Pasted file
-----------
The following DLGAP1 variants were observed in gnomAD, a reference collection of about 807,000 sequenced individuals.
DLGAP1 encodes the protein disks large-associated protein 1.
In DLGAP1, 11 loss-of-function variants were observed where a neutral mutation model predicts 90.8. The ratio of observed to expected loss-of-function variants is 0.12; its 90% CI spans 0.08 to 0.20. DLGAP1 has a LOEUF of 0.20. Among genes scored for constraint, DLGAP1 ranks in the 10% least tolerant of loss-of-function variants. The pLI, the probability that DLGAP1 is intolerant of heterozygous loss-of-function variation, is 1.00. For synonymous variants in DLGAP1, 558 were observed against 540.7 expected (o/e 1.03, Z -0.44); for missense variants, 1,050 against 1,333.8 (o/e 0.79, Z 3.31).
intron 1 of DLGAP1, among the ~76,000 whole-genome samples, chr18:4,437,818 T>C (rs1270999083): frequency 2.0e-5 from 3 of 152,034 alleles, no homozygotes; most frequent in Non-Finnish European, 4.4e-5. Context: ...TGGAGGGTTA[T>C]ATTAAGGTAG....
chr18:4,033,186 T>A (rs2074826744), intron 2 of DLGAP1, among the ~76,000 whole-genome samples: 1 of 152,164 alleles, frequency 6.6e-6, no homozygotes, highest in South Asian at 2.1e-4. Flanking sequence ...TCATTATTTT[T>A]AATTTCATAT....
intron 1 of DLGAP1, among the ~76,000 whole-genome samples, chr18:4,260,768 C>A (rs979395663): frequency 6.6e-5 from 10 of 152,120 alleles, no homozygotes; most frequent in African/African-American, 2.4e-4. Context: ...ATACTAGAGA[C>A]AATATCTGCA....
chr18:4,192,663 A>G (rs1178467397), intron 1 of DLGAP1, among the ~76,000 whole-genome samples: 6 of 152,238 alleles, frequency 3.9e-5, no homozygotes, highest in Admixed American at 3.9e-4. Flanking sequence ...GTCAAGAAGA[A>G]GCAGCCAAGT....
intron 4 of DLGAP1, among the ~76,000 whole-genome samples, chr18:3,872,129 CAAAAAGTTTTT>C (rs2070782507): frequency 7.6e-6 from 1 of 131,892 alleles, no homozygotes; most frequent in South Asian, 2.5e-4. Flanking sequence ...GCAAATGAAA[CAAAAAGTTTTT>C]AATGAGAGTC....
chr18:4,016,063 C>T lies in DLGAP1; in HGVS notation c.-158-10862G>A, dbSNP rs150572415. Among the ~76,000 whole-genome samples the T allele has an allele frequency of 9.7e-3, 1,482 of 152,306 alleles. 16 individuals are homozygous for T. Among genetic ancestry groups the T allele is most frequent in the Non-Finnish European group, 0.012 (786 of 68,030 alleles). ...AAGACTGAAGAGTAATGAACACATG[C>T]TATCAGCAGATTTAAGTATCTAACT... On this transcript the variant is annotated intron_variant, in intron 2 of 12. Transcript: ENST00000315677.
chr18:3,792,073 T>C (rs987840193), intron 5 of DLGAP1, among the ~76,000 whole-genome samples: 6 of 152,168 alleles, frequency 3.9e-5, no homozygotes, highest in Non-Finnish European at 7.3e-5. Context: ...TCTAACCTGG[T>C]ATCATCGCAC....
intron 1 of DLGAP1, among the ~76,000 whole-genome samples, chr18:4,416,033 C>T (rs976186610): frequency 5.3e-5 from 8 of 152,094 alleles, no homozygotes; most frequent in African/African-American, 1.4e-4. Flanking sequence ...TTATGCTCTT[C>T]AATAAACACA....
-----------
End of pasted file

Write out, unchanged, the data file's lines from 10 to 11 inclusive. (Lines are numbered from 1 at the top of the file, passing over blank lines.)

chr18:3,792,073 T>C (rs987840193), intron 5 of DLGAP1, among the ~76,000 whole-genome samples: 6 of 152,168 alleles, frequency 3.9e-5, no homozygotes, highest in Non-Finnish European at 7.3e-5. Context: ...TCTAACCTGG[T>C]ATCATCGCAC....
intron 1 of DLGAP1, among the ~76,000 whole-genome samples, chr18:4,416,033 C>T (rs976186610): frequency 5.3e-5 from 8 of 152,094 alleles, no homozygotes; most frequent in African/African-American, 1.4e-4. Flanking sequence ...TTATGCTCTT[C>T]AATAAACACA....